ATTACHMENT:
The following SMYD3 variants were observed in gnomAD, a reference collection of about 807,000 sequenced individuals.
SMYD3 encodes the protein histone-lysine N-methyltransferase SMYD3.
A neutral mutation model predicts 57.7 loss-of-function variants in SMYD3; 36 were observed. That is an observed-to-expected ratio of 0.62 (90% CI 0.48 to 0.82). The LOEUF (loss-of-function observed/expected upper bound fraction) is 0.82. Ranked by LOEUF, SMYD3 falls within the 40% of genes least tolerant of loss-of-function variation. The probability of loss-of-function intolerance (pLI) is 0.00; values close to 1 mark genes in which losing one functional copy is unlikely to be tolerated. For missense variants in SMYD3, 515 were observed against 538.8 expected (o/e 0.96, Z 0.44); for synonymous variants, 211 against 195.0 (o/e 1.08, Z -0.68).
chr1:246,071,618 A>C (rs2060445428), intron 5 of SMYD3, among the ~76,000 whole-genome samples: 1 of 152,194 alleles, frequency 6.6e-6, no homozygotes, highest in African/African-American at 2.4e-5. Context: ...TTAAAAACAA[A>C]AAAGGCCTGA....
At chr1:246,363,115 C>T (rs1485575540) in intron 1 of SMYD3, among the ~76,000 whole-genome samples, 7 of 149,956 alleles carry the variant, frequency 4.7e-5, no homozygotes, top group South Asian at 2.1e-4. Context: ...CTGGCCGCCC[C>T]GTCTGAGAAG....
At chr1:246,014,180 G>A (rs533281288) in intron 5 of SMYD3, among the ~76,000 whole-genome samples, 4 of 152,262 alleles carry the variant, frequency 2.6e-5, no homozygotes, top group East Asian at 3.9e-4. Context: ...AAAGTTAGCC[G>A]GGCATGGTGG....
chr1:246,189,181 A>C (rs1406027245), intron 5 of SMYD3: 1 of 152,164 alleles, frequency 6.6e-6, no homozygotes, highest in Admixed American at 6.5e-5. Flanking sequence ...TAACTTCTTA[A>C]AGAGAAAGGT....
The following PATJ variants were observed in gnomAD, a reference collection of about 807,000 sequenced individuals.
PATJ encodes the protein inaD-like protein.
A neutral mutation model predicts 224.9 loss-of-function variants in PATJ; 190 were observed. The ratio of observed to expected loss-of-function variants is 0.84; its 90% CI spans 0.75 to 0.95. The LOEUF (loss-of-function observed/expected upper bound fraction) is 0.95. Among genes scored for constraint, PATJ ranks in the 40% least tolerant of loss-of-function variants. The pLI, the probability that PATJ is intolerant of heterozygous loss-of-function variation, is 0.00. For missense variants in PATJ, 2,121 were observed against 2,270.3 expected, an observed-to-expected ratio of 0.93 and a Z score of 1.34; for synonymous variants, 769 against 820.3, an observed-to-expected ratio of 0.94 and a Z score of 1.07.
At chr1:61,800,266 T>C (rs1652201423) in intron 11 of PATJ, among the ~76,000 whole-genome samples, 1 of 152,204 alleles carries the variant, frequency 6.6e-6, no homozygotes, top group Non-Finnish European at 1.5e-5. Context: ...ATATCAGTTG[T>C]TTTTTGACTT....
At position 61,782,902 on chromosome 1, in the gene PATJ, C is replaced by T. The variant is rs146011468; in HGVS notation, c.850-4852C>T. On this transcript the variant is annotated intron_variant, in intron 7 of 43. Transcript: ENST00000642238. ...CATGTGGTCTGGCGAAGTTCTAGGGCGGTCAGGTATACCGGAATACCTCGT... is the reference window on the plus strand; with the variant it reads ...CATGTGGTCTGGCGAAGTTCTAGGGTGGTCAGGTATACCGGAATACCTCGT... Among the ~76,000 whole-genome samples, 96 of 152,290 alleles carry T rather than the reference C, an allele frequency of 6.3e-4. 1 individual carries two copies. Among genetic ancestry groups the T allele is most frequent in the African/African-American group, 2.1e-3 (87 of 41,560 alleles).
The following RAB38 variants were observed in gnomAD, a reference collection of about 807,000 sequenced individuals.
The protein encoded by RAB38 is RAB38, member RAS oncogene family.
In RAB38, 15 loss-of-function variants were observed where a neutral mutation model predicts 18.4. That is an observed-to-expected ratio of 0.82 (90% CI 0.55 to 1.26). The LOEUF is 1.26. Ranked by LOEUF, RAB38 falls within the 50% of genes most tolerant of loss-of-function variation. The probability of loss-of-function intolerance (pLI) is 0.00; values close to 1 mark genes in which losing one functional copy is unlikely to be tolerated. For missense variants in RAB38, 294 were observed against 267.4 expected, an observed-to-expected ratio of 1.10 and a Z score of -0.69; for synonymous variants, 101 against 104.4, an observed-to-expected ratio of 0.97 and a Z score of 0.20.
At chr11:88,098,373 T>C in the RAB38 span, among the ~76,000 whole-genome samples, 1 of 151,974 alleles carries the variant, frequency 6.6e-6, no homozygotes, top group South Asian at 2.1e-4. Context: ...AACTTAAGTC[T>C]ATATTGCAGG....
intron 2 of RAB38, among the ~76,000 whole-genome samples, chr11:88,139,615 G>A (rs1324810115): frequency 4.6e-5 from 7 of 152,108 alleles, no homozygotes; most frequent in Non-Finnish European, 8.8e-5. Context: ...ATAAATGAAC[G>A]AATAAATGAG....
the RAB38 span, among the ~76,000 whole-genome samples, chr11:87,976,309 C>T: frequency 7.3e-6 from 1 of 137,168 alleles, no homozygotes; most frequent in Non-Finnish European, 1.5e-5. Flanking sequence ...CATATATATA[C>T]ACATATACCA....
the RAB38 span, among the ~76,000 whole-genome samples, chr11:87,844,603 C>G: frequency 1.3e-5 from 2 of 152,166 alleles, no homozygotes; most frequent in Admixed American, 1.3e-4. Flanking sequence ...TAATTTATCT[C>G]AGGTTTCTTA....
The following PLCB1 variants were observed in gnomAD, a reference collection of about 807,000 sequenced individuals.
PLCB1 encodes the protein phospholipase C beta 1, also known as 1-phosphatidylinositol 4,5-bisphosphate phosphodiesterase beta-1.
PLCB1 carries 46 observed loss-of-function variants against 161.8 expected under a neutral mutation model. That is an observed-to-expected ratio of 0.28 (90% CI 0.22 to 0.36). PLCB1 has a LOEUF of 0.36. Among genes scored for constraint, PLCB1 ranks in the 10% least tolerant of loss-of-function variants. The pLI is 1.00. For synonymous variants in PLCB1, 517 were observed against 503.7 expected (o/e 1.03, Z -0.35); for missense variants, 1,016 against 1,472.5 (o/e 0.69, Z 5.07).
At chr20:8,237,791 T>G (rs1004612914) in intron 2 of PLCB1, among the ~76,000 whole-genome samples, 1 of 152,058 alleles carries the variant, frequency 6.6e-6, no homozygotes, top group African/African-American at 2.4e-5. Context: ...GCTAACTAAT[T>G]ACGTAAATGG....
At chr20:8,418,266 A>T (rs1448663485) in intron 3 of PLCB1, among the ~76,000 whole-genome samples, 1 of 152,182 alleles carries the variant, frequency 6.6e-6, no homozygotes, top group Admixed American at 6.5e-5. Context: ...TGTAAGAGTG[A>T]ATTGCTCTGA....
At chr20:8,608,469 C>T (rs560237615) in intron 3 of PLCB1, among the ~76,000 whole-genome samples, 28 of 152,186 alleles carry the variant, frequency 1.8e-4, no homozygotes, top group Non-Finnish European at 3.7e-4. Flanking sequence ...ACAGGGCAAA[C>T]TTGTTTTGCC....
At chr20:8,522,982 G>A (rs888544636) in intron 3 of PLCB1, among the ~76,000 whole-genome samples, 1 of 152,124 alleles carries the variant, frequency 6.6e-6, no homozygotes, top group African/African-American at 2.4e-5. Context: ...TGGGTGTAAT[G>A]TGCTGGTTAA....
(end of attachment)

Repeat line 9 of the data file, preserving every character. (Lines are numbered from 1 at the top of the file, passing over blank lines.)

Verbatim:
PATJ encodes the protein inaD-like protein.